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The letters of vincent van gogh by Vincent Van Gogh

The letters of vincent van gogh

By Vincent Van Gogh
1 Contributor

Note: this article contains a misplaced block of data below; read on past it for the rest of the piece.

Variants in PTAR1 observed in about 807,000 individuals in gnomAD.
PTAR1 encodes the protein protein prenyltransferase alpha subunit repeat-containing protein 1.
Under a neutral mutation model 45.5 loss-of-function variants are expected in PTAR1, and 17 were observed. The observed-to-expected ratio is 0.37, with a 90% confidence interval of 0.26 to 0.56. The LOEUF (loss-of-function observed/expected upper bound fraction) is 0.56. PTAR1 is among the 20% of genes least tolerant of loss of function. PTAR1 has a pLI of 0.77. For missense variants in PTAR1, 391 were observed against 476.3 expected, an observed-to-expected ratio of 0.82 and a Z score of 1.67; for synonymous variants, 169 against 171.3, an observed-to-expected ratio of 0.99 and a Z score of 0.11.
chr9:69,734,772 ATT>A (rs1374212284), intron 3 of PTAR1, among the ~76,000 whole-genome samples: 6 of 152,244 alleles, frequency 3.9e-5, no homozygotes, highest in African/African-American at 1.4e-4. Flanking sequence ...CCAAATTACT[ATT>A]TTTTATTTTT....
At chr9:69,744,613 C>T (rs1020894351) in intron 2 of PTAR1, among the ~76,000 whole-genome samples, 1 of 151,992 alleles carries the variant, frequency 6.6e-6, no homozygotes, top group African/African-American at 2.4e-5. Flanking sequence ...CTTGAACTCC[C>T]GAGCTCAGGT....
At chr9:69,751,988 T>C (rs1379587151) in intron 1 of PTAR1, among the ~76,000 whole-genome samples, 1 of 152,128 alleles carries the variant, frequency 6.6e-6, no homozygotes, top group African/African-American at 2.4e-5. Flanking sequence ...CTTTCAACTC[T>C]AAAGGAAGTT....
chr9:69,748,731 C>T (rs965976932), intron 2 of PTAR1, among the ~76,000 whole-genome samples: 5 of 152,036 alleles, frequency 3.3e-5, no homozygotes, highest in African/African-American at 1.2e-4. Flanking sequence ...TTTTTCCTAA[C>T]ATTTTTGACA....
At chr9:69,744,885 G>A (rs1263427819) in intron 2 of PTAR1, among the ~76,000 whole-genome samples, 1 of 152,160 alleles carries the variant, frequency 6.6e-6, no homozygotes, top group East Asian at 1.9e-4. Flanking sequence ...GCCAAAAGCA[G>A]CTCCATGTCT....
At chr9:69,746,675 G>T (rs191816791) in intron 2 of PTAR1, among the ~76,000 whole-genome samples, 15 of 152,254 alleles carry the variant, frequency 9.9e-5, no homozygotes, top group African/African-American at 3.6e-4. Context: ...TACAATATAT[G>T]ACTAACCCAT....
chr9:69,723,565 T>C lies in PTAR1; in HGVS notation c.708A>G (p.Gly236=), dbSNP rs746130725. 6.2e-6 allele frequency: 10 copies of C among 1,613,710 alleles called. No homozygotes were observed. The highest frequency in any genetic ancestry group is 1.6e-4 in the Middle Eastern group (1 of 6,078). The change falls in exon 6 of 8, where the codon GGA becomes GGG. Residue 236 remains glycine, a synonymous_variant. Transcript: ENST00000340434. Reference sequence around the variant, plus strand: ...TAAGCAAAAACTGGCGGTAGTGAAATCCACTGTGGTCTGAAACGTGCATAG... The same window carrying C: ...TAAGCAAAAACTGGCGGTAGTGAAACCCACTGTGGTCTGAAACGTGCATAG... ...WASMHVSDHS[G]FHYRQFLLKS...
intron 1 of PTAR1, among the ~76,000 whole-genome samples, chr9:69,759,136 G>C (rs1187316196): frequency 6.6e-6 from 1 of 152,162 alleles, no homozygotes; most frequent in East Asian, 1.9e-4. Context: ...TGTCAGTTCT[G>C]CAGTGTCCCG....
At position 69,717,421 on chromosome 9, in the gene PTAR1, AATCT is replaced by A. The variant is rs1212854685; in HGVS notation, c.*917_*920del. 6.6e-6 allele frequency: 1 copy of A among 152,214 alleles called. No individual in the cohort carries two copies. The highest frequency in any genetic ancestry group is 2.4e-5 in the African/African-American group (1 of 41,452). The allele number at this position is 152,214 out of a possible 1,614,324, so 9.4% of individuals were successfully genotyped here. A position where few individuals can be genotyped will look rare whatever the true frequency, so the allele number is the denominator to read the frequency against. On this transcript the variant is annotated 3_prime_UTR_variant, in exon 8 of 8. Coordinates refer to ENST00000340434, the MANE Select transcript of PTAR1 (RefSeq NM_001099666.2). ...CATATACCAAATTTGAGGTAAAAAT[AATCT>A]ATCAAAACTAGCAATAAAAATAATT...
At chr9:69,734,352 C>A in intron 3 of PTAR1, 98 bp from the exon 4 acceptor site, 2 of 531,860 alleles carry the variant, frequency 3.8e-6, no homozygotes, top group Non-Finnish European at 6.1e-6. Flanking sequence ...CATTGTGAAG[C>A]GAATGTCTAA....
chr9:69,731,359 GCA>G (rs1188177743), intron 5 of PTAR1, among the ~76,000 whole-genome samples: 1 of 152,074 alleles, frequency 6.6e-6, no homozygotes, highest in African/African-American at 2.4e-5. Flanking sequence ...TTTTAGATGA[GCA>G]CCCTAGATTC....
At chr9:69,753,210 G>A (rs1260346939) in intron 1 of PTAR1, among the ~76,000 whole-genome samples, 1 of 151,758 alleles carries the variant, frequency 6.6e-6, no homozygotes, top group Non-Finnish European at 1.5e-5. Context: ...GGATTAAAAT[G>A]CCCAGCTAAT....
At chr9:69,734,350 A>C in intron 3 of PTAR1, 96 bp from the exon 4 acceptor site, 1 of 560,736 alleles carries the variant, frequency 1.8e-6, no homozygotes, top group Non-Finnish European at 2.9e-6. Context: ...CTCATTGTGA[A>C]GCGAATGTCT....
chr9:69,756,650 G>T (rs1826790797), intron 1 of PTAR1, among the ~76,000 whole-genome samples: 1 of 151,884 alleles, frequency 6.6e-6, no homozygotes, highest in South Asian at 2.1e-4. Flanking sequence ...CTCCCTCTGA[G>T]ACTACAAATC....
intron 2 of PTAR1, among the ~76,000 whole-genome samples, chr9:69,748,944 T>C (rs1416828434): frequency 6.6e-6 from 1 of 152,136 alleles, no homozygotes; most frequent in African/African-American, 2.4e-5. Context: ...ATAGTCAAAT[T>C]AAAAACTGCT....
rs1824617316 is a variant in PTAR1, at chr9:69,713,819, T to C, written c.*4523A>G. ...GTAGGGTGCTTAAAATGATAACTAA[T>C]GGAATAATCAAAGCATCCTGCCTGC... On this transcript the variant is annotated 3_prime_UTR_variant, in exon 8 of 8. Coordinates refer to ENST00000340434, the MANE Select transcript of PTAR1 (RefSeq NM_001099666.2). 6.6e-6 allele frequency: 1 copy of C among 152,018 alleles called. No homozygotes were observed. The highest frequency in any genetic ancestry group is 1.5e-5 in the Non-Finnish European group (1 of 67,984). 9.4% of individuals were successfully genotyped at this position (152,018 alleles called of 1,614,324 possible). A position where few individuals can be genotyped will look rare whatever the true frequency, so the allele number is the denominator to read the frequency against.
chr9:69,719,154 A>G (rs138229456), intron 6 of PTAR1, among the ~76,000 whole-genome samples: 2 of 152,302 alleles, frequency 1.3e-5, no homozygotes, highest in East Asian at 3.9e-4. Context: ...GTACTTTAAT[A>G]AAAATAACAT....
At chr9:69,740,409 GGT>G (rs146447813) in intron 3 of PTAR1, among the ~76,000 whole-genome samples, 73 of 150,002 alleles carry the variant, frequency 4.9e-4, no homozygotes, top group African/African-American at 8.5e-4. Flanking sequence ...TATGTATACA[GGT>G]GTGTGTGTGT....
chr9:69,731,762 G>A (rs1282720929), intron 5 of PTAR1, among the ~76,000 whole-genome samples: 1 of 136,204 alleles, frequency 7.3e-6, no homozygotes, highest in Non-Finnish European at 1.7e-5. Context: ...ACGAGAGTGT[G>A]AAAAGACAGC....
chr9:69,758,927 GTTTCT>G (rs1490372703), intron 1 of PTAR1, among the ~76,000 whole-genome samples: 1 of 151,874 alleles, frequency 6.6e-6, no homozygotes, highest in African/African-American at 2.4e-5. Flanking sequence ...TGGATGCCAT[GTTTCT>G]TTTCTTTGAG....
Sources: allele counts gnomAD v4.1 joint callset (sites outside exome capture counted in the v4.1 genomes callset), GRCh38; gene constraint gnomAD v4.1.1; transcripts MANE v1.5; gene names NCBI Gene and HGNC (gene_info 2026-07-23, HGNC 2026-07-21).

A new selection of post-impressionist painter Vincent Van Gough's letters, The Letters of Vincent van Gogh put a human face on one of the most haunting figures in modern Western culture. In this Penguin Classics edition, the letters are selected and edited by Ronald de Leeuw, and translated by Arnold Pomerans in Penguin Classics.Few artists' letters are as self-revelatory as Vincent van Gogh's, and this selection, spanning his artistic career, sheds light on every facet of the life and work of this complex and tortured man. Engaging candidly and movingly with his religious struggles, his ill-fated search for love, his attacks of mental illness and his relation with his brother Theo, the letters contradict the popular myth of van Gogh as an anti-social madman and a martyr to art, showing instead a man of great emotional and spiritual depths. Above all, they stand as an intense personal narrative of artistic development and a unique account of the process of creation. The letters are linked by explanatory biographical passages, revealing van Gogh's inner journey as well as the outer facts of his life. This edition also includes the drawings that originally illustrated the letters.Vincent Willem van Gogh (1853-1890) was born in Holland. In 1885 he painted his first masterpiece, The Potato Eaters, a haunting scene of domestic poverty. A year later he began studying in Paris, where he met Gauguin, Toulouse-Lautrec and Seurat, who became very important influences on his work. In 1888 he left Paris for the Provencal landscape at Arles, the subject of many of his best works, including Sunflowers.If you enjoyed The Letters of Vincent van Gogh, you might also like 100 Artists Manifestos, available in Penguin Modern Classics.'If there was ever any doubt that Van Gogh's letters belong beside those great classics of artistic self-revelation, Cellini's autobiography and Delacroix's journal, this excellent new edition dispels it'The Times

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